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Rare Bible replica in Walsh

A replicate of the oldest known copy of the Bible is currently on display in the Walsh Library.

The "Codex Vaticanus" was written in the fourth century and is considered to be the one of the oldest known copies of the Bible. It is written in Greek and was one of the main texts used to translate the Bible to modern English.

The Bible will be on display throughout November before it moves to the library in the theological seminary.

No other universities in the area have a replication of "Codex Vaticanus."
"Yale has it and Harvard has it, but it's not available in that many academic libraries," Rev. Chris Ciccarino said.

Seton Hall possesses a copy because Pope John Paul II asked for a renewal of biblical studies for the new millennium. He commissioned 450 replicates of "Codex Vaticanus."

The Vatican Library has 150 of those copies for use, meaning that only 300 copies are available for the public, making it a unique addition to Seton Hall's library.

"The ‘Codex Vaticanus' represents what is quite likely one of the earliest complete biblical manuscripts in existence," Ciccarino, who teaches scripture and biblical languages at the Immaculate Conception Seminary, said.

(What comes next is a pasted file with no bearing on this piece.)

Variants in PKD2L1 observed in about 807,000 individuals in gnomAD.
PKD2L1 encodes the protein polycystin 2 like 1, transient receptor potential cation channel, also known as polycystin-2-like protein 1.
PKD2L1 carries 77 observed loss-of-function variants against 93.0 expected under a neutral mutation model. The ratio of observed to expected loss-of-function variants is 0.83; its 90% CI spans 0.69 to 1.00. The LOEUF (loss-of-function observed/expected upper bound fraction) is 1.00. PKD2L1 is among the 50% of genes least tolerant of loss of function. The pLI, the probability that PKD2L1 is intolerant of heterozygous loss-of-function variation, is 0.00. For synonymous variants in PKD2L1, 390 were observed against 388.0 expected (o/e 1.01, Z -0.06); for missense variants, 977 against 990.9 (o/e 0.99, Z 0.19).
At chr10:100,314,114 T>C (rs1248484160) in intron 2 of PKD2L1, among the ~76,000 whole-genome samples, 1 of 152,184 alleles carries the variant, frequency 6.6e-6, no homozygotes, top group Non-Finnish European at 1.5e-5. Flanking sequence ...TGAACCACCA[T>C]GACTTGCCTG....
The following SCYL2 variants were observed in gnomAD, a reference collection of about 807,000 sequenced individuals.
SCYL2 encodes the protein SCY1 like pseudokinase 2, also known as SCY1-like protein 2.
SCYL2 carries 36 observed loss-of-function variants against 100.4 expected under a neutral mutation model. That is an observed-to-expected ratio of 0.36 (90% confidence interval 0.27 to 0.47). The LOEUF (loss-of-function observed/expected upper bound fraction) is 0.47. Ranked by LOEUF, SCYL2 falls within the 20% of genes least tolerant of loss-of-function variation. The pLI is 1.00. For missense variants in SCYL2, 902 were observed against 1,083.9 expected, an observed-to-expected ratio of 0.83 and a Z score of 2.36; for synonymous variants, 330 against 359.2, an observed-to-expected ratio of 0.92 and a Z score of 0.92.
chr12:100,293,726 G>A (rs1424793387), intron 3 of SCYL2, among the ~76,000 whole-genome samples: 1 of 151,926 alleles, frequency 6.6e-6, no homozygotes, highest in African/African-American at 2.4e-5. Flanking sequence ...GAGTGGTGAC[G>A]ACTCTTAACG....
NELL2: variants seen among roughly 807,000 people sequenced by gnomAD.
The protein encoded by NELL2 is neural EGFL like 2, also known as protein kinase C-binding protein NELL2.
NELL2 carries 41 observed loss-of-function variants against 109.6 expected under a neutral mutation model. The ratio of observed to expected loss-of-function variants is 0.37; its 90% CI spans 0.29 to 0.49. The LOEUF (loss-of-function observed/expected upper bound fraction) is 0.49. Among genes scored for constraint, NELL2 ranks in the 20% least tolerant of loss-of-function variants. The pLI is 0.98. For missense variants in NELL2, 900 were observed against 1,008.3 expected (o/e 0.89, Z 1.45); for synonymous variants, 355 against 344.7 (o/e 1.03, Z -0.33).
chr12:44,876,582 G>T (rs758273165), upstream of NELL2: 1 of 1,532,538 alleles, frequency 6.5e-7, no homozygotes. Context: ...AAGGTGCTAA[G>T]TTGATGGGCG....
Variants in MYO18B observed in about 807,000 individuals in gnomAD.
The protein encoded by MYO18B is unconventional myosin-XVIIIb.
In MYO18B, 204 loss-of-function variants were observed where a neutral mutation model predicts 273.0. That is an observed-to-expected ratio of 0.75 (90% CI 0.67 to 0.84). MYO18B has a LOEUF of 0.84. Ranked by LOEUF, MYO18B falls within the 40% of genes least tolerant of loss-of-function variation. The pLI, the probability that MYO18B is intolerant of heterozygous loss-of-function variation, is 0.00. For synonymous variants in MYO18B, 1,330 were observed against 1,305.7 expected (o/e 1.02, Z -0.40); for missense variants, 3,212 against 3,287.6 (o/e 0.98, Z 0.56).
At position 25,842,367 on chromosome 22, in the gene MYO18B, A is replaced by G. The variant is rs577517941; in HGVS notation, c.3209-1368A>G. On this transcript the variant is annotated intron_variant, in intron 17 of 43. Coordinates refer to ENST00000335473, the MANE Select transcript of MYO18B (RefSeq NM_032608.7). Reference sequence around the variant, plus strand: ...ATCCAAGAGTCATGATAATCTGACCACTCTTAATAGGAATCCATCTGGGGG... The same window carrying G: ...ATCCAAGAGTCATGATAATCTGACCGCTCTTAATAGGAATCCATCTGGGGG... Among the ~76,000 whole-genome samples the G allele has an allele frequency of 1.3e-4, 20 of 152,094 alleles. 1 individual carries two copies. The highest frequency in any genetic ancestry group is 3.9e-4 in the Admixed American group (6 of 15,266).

The university purchased the, Bible for $6,895. It is 30 cm tall, with gold impressions on the cover and spine. It is a total 1,536 pages printed on vellum, a fine quality, extra thin parchment made of sheep skin.

When the Bible was replicated, no detail was overlooked. Notes written in the margins by monks centuries ago, and smallest page deteriorations were all included.

The text is written in scripto continua, meaning continuous writing. There is no space between individual words or paragraphs, and no form of punctuation. All the words are also written in capital letters.

The Bible was shipped to the university from Rome in a wooden crate weighing 16 kilograms. Inside the crate, the Bible was inside a thick clear plastic case for additional protection.

The display in the Walsh Library is open to The Book of John, Chapter 1, Verse 1. Place cards describing the reproduction are placed around the Bible, written by Ciccarino.

Ciccarino said he believes that it was a good investment for the university.

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"This provides a scholar the opportunity to meet the manuscript, and to experience first hand what an ancient bible looked like," Ciccarino said.

The purchase of the Bible was made possible through conversations between former Dean of Library Systems Howard McGinn and Ciccarino.

When McGinn retired, the current Dean of Library Technology, Chrysanthy Grieco continued the effort with the help of Rev. Larry Porter, director of the seminary's library.

At the end of November the Bible will be moved to the seminary's rare book room.

Other rare books available include other reproductions of early Bibles, including a six-volume set of the first polyglot Bible written in Greek, Hebrew and Latin.

The collection includes both ancient and reproduced books.

"From the 2nd century on we have many portions of the Bible, either individual books or an individual gospel, we have scraps of things, but a whole Bible is very rare," Ciccarino said.

Frank Taylor can be reached at


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